The office referred to is the Postal department, and that bears out my statement that the General Manager of the Railways took it upon himself to do this without any reference to the Postal department.

Mr SYDNEY SMITH (MACQUARIE, NEW SOUTH WALES) - How long has this been done? Since the Postal Act came into operation in 1881 ?

Sir PHILIP FYSH - No, because it was only within the past few years that Mr. Back, the General Manager of Railways in Tasmania, on finding that the revenue of bis department was not sufficient to meet the interest charge of 3 or 4 per cent., made the claim that the department should be credited with the cost of all services rendered. This is on the principle upon which we are now acting, that every department should get credit for the services which it renders. Speaking from memory, and I think my recollection is accurate upon the point, that has been the practice within the last ten years.

Mr SYDNEY SMITH (MACQUARIE, NEW SOUTH WALES) - He made a claim for it ?

Sir PHILIP FYSH - He made a claim for credit for services rendered to the Postal department.

Mr SYDNEY SMITH (MACQUARIE, NEW SOUTH WALES) - Including the conveyance of newspapers on the railways ?

Sir PHILIP FYSH - My information is that -

There is no agreement, direct, or' indirect, or any correspondence upon this matter between this office and the railway.

Mr SYDNEY SMITH (MACQUARIE, NEW SOUTH WALES) - That is a very strange thing, when the arrangement has been in force for the last ten years.

Sir PHILIP FYSH - And so the Tasmanian Treasurer stated in his reply that he understood it was included in the lump sum. I can assure the honorable member for Macquarie that there is no reticence on our part. I am giving the fullest information I can give. I have tried to look to the end of this matter. Mr. Bird did say in his telegram that he thought the total amount paid by one department to the other-

Mr SYDNEY SMITH (MACQUARIE, NEW SOUTH WALES) - Did he say he " thought "1

Sir PHILIP FYSH - Well, he said it did embrace the work which the Railway department did for the Postal department, and the carriage of the bulk newspapers from the vendor or publisher to various parts.

Mr SYDNEY SMITH (MACQUARIE, NEW SOUTH WALES) - That shows that the Government understood the arrangement.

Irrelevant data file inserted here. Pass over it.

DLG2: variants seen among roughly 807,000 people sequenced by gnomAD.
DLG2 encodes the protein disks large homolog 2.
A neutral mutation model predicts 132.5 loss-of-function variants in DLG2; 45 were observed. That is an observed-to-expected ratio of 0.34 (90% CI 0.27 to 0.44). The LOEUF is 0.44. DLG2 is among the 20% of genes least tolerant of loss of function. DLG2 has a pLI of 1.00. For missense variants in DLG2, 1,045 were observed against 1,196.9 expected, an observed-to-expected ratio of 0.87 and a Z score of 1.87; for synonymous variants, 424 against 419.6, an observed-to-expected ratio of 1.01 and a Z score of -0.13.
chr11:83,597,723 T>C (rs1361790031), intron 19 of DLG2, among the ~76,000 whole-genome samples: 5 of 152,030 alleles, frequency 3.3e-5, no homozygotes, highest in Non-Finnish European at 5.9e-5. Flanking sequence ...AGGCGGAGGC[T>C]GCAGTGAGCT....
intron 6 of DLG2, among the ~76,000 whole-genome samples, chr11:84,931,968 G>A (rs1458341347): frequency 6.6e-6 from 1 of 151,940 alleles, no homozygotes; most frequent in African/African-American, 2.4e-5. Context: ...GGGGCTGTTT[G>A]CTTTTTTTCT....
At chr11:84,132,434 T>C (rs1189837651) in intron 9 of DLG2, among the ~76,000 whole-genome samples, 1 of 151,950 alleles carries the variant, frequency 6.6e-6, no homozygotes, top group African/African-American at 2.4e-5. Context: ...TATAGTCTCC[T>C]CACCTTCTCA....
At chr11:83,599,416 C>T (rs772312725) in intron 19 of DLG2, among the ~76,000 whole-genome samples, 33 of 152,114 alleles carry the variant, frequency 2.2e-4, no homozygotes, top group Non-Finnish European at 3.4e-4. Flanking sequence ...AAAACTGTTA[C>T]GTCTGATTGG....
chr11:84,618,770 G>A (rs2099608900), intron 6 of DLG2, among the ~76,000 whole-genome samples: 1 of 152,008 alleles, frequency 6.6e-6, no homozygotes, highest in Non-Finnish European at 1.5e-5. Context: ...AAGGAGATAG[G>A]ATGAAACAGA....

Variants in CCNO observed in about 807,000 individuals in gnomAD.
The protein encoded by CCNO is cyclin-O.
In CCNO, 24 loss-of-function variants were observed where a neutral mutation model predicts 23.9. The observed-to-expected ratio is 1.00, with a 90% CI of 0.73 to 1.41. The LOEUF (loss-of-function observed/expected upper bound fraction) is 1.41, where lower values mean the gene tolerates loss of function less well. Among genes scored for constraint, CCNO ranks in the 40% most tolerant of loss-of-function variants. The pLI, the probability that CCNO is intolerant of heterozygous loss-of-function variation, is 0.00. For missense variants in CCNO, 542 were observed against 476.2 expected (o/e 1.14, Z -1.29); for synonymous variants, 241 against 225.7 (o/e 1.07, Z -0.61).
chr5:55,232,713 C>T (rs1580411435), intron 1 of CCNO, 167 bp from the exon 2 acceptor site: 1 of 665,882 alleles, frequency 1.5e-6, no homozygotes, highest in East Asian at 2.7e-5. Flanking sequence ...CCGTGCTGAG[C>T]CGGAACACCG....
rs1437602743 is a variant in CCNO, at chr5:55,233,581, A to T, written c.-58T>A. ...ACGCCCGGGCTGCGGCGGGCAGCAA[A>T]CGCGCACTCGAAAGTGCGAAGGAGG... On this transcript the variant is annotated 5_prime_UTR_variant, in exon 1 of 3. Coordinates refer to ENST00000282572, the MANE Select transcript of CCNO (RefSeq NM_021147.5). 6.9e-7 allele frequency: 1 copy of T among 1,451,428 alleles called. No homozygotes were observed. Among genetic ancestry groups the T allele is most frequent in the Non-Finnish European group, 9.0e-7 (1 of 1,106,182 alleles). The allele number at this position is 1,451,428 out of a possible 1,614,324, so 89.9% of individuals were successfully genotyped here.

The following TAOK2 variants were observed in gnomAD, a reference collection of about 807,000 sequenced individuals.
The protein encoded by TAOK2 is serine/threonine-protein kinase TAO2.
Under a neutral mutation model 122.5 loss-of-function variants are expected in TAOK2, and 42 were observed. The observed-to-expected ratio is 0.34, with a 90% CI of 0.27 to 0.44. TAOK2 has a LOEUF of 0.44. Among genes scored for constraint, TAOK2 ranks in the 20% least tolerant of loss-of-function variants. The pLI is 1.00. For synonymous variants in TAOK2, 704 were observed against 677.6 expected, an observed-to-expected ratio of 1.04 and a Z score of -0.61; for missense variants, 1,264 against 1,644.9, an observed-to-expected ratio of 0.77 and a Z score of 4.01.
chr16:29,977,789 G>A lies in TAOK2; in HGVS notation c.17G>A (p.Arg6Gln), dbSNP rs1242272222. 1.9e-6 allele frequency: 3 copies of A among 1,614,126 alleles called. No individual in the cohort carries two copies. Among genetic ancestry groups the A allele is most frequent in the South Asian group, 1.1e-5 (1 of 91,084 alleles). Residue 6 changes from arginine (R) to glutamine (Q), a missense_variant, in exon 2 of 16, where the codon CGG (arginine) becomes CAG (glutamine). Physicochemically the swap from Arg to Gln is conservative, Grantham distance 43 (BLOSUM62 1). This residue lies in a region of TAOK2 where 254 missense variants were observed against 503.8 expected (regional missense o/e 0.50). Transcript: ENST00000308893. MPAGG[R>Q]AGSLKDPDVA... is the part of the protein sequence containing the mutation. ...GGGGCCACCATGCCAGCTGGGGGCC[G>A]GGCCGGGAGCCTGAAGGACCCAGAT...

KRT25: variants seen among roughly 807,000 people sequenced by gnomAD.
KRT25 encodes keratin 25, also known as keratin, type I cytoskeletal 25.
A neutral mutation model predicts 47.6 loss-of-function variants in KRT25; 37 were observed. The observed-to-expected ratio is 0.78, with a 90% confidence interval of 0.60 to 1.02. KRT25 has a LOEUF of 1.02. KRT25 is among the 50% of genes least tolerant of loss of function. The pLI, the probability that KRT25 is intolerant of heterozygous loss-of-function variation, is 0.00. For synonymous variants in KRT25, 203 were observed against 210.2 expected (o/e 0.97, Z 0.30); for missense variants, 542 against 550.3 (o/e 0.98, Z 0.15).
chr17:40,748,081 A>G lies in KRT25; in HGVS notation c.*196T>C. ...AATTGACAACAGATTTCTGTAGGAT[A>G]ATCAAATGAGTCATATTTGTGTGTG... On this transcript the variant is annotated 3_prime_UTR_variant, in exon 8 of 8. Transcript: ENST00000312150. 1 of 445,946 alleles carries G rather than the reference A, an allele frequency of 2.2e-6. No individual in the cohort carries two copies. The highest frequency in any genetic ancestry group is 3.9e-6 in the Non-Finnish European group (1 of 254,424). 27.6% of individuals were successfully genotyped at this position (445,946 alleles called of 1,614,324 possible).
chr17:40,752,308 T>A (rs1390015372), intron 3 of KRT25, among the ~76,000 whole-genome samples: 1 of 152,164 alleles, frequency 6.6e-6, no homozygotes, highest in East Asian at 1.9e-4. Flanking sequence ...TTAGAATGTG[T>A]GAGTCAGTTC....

Mr Deakin - No, the Post-office knew nothing of it.

Sir PHILIP FYSH - I do not desire to make too much or too little of. this matter.

Mr SYDNEY SMITH (MACQUARIE, NEW SOUTH WALES) - I only desire that there should be fair treatment all round. It is strange that the concession should be withdrawn in one State and not in another.

Sir PHILIP FYSH - The facts are before honorable members, and they can judge for themselves. Notwithstanding interruptions I have tried to let honorable members see exactly how the matter stands. When the honorable member talks of dealing with one as we deal with another, he must bear in mind that in several of the States a charge has been made for the carriage of newspapers for years past, and we are only now bringing the equity of the matter into force.

Mr SYDNEY SMITH (MACQUARIE, NEW SOUTH WALES) - Under the law the previously existing arrangement should have remained in force until the passing of uniform legislation ; but the Government have withdrawn the privilege previously existing in New South Wales, whilst it has not been withdrawn in Tasmania.

Sir PHILIP FYSH - The moment it is brought under our observation that such a privilege is in existence there that privilege will be withdrawn. The amount now appearing in the books of the Government of Tasmania to the credit of the Railway department for these services is being paid by the Postal department, and that brings the matter within the ken of the Federal Postmaster-General. He can now deal with it as he has dealt with the system in force in New South Wales. It is within his power to do so, and I have no doubt he will see that a uniform practice will be observed.

Mr SYDNEY SMITH (MACQUARIE, NEW SOUTH WALES) - Would the honorable gentleman mind reading the telegram from the Treasurer of Tasmania 1

Sir PHILIP FYSH - I thought I had done so, but I shall read it for the honorable member. Mr. Bird, the present Treasurer of Tasmania, states, in reply to a telegram sent him -

The Postal department paid railway for all mails carried, including posted newspapers.

Honorable members will mark the expression. That is a complete sentence in reply. He goes on to say -

But parcels of newspapers sent to railway from newspaper offices have hitherto been carried free.

Mr SYDNEY SMITH (MACQUARIE, NEW SOUTH WALES) - What does he say further ?

Sir PHILIP FYSH - He says further -

When postage is charged on newspapers, we will probably charge for carriage of newspaper parcels by railway.

Mr SYDNEY SMITH (MACQUARIE, NEW SOUTH WALES) - Showing that the privilege has not been withdrawn in Tasmania, though the Government have withdrawn it in New South Wales. It is all made up. I know all about it.

Sir PHILIP FYSH - The honorable member ought not to speak in that way. We want to be as open as the day. The House is entitled to know everything, and I am quite sure from my knowledge of my colleagues that they want to be as glass that can be seen through, with respect to everything.

Mr JOSEPH COOK (PARRAMATTA, NEW SOUTH WALES) - " As through a glass darkly!"